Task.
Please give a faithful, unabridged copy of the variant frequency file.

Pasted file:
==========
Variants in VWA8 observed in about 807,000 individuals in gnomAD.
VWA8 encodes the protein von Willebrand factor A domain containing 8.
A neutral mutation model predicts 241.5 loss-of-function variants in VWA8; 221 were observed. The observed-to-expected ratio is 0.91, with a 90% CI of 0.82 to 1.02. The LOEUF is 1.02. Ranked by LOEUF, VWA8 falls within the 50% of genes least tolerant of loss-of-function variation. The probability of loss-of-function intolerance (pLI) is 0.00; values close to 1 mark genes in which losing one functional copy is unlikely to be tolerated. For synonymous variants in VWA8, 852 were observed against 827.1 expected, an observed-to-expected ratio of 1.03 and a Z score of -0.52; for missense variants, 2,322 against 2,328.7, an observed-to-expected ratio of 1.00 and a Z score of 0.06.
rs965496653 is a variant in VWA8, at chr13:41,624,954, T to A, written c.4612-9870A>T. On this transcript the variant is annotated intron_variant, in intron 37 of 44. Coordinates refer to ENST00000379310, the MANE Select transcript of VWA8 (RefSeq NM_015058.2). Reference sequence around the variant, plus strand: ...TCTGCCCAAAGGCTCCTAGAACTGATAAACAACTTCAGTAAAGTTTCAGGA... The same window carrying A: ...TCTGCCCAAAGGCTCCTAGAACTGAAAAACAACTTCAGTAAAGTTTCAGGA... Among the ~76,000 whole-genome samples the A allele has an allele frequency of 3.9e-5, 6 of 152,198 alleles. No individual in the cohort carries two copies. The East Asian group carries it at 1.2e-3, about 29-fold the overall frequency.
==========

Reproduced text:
Variants in VWA8 observed in about 807,000 individuals in gnomAD.
VWA8 encodes the protein von Willebrand factor A domain containing 8.
A neutral mutation model predicts 241.5 loss-of-function variants in VWA8; 221 were observed. The observed-to-expected ratio is 0.91, with a 90% CI of 0.82 to 1.02. The LOEUF is 1.02. Ranked by LOEUF, VWA8 falls within the 50% of genes least tolerant of loss-of-function variation. The probability of loss-of-function intolerance (pLI) is 0.00; values close to 1 mark genes in which losing one functional copy is unlikely to be tolerated. For synonymous variants in VWA8, 852 were observed against 827.1 expected, an observed-to-expected ratio of 1.03 and a Z score of -0.52; for missense variants, 2,322 against 2,328.7, an observed-to-expected ratio of 1.00 and a Z score of 0.06.
rs965496653 is a variant in VWA8, at chr13:41,624,954, T to A, written c.4612-9870A>T. On this transcript the variant is annotated intron_variant, in intron 37 of 44. Coordinates refer to ENST00000379310, the MANE Select transcript of VWA8 (RefSeq NM_015058.2). Reference sequence around the variant, plus strand: ...TCTGCCCAAAGGCTCCTAGAACTGATAAACAACTTCAGTAAAGTTTCAGGA... The same window carrying A: ...TCTGCCCAAAGGCTCCTAGAACTGAAAAACAACTTCAGTAAAGTTTCAGGA... Among the ~76,000 whole-genome samples the A allele has an allele frequency of 3.9e-5, 6 of 152,198 alleles. No individual in the cohort carries two copies. The East Asian group carries it at 1.2e-3, about 29-fold the overall frequency.